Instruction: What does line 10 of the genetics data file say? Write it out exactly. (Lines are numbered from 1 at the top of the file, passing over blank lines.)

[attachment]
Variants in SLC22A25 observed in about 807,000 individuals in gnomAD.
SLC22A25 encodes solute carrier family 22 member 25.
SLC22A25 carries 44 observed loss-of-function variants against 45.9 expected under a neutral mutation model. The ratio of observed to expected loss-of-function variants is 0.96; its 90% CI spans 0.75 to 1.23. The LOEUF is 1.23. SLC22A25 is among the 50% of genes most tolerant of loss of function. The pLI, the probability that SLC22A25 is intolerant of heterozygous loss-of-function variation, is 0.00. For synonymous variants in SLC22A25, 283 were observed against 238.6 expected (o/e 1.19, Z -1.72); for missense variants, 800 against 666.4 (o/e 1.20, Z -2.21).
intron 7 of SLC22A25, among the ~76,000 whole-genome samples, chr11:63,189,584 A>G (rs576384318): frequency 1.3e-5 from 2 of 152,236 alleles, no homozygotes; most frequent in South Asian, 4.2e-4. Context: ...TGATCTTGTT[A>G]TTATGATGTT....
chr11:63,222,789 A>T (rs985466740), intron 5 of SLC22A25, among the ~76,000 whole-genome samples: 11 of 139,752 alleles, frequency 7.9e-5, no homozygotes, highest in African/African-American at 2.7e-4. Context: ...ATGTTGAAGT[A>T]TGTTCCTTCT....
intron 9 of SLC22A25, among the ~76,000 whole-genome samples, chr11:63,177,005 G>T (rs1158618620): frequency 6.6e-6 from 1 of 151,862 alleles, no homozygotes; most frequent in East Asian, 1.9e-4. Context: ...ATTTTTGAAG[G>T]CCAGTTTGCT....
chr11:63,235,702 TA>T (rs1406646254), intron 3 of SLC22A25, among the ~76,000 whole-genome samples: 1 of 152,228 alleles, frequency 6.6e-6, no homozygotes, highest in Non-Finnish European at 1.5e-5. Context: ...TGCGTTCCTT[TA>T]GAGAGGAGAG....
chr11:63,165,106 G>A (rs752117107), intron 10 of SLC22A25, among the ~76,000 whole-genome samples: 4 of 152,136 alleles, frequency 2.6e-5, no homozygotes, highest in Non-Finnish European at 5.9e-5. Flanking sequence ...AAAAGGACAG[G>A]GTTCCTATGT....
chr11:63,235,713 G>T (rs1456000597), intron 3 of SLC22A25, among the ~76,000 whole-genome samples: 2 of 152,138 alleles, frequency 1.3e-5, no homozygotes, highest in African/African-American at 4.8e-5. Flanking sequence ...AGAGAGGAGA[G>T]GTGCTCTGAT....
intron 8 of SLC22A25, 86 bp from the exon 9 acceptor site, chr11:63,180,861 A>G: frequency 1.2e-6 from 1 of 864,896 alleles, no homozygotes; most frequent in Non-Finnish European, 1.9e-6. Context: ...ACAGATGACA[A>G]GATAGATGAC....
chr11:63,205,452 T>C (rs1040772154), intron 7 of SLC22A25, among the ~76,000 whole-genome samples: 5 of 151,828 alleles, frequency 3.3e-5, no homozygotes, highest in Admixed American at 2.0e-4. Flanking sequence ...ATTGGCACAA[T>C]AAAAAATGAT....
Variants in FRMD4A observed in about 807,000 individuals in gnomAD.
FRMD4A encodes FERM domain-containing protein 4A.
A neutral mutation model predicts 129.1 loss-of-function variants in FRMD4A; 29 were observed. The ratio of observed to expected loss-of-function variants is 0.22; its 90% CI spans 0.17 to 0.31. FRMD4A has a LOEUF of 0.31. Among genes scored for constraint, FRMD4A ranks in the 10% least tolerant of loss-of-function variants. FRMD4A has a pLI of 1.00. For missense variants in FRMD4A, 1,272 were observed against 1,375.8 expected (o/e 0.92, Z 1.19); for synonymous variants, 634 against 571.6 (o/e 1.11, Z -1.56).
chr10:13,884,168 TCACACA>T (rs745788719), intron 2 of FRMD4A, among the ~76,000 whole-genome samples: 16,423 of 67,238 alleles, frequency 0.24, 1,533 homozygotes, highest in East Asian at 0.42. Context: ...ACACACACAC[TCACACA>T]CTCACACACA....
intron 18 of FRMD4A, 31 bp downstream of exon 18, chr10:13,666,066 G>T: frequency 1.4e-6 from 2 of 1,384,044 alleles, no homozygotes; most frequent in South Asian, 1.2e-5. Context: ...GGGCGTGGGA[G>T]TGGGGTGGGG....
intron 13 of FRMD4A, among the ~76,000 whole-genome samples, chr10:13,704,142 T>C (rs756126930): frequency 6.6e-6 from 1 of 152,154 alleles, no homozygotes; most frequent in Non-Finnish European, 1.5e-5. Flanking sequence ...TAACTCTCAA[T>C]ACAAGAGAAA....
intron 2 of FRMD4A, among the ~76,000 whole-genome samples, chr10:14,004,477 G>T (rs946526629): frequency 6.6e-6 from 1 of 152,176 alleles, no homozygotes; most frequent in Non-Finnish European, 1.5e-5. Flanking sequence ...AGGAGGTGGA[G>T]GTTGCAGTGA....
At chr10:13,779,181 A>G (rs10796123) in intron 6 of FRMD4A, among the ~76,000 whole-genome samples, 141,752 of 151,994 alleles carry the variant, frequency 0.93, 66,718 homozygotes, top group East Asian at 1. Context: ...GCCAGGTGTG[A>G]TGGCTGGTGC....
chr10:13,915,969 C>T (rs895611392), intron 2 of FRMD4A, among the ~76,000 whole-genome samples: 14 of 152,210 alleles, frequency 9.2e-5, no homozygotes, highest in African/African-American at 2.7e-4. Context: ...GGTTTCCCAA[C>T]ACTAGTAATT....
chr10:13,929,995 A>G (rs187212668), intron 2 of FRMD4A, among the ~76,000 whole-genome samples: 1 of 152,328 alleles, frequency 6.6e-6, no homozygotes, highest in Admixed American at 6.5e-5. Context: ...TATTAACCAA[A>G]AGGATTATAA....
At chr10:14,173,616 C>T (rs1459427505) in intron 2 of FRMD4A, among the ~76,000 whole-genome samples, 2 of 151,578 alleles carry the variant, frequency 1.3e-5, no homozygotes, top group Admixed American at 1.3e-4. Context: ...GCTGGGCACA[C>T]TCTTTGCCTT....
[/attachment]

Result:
intron 8 of SLC22A25, 86 bp from the exon 9 acceptor site, chr11:63,180,861 A>G: frequency 1.2e-6 from 1 of 864,896 alleles, no homozygotes; most frequent in Non-Finnish European, 1.9e-6. Context: ...ACAGATGACA[A>G]GATAGATGAC....